While I was reading these, I realized we don’t have time to do this and keep up with all of our hobbies. Obeying these commands and following these patterns will mean we have to give some things up. It doesn’t mean we never do anything we enjoy or that we can never pick up knitting needles again, but before we do so we must weigh our motives and obedience. What we’re giving up is temporal, and the time invested in souls (notice how almost all of what we’re told to do is relational) will bear fruit.
Preparing for motherhood is good, and is a godly goal. But we need to be sure we’re preparing for the right things and investing in what really matters. A meek and quiet spirit is harder to learn than making bread and cleaning sinks, and it’s more important than a clean house and good food. But even so, you don’t learn a meek and quiet spirit in books. You learn it in real life – when the baby gets ahold of your knitting or when schedule conflicts mean you give something you really wanted to do to cook for the sick. You learn it when you’re cleaning sinks, especially when the sink is your own family’s and there’s no glamor or pride in saying you helped the single mother. Volunteering at the pregnancy center is not “holier” than honoring your parents by doing the dishes. In fact, the girl who honors her parents is being more obedient than the girl who leaves duties at home for even the “best” ministry or dishonors her parents.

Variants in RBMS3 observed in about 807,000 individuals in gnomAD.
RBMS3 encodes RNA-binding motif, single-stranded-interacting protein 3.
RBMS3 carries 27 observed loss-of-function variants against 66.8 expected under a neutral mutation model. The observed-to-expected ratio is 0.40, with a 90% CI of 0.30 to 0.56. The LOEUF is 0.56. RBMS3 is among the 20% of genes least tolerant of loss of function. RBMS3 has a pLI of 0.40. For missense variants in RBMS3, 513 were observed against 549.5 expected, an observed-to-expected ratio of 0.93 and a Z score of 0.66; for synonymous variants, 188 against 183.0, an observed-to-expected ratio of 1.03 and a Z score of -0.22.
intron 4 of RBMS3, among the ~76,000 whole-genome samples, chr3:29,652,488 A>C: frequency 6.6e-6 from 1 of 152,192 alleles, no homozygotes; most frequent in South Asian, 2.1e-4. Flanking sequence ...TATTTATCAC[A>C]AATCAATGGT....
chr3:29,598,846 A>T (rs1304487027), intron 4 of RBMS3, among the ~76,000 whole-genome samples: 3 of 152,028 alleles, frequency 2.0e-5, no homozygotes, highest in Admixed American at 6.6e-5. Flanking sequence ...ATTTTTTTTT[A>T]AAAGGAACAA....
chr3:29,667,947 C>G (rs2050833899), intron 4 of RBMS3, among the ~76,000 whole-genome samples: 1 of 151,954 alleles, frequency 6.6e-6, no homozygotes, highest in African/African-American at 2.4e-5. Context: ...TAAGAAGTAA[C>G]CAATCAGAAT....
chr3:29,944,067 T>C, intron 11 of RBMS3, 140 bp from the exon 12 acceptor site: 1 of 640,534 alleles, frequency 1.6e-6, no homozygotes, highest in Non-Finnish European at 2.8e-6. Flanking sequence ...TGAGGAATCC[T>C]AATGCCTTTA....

But why? Why does this matter? Is it going to save us?
What we do doesn’t save us. Christ saves us. He alone can bear the wrath of God for our sins and bring us to God.
But, in Romans 12, after 11 chapters of the glories of God and the gospel, Paul appeals to his readers, saying that because of God’s great mercy to us in saving us, to present our bodies as living sacrifices. And then he gives guidelines for Christian living.